Investment Fraud Law Firm Meyer Wilson Uncovers Significant Details About Patricia Miller's Alleged Ponzi Scheme

Meyer Wilson’s Investigation Uncovers Significant Details Regarding Pat Miller’s Alleged Ponzi Scheme, as TV Report Airs on Pittsburgh’s Action News 4

Important details are emerging about how former Pennsylvania stockbroker Patricia S. Miller perpetuated her alleged Ponzi scheme and the steps she took to mislead investors.

An investigative report on the Ponzi scheme aired on Pittsburgh’s Action News 4 (WTAE TV) on June 9th. The victim interviewed for the story by Action News 4 has hired the investment fraud lawyers at Meyer Wilson to help recover her lost investments. Meyer Wilson has teamed up with the local Pittsburgh law firm of Rosen, Louik & Perry.

Back on May 29th, we explained that our investigation into the investments sold by former stockbroker Patricia S. Miller found evidence of a classic Ponzi Scheme.

Back To Main Patricia Miller Page

While the full scope of investors’ losses are not yet known, it now appears certain that Miller never made any legitimate investments with the money that she obtained from her clients. Instead, Miller misappropriated the money entrusted to her for her own improper use.

According to the criminal complaint announced by the US Attorney’s office, representatives from Miller’s supervising brokerage firm, Investors Capital Corporation (ICC), arrived at Miller’s McMurray, Pennsylvania, offices on May 19, 2014, to interview her regarding a recent customer complaint. Before entering the office, the ICC representatives searched a garbage dumpster adjacent to Miller’s building. In the dumpster they found two white garbage bags containing documents from Miller’s business, including what appeared to be fake account statements.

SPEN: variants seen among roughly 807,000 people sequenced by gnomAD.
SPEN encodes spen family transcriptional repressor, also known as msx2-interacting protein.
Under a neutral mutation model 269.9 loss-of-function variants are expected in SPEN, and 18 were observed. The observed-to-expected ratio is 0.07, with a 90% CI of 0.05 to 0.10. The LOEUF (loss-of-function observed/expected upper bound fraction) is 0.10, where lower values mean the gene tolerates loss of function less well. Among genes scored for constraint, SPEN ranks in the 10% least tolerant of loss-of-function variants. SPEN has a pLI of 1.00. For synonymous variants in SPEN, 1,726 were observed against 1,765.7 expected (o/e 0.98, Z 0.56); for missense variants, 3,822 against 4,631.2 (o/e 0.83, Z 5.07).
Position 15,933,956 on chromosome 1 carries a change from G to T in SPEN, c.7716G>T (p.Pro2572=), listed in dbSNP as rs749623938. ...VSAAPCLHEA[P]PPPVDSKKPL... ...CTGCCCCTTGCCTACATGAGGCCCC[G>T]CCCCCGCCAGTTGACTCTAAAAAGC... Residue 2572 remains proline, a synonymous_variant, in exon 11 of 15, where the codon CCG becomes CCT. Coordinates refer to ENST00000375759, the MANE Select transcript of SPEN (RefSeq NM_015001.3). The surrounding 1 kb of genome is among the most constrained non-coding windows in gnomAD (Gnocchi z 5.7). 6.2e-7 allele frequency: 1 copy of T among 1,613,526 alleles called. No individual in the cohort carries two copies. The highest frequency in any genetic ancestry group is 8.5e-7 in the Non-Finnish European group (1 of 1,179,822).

The criminal complaint alleges that during an examination, Miller admitted to the ICC representatives that she had previously lied to ICC and improperly taken money from customers.

While at Miller’s offices, the ICC representatives reviewed paper files, electronic files saved on Miller’s desktop computer, and online bank statements. Among the items discovered during this examination include:

* Blank ICC account statements. When asked about them, Miller said that she hired someone associated with a technical school to create the account statements, which were apparently used by Miller as a template for the fake account statements she generated for her customers.

* Fake Huntington National Bank statements. These documents, which were created by literally cutting and pasting paper together, were found in a credenza in Miller’s office and purport to show a bank account in the name of Miller and her husband with a balance of $2 million.

* Purported K-1 statements relating to KS Investments, one of the alleged Ponzi scheme entities. While Miller might have provided K-1s to her clients, she admitted that she never submitted K-1s to the IRS.

Miller was terminated from ICC on May 21.

On May 29, criminal charges against Miller were filed in federal court in Massachusetts, which is where ICC is headquartered. The complaint asserts one count of wire fraud. If convicted, Miller faces a maximum sentence under the statute of 20 years in prison and a $250,000 fine.

Miller was arrested and taken into custody on June 6.

We are conducting an Informational Meeting in Pittsburgh on Thursday, June 12. To schedule your meeting with our investment fraud attorneys in Pittsburgh, call Meyer Wilson toll-free at either 1-888-390-6491. You may also call our co-counsel, the Pittsburgh law firm of Rosen, Louik and Perry, at (412) 281-4200.

All of the firm's cases are handled on a contingency fee and no retainer is requested. The seven attorneys at Meyer Wilson have handled nearly 1,000 investment fraud case over the past 15 years.


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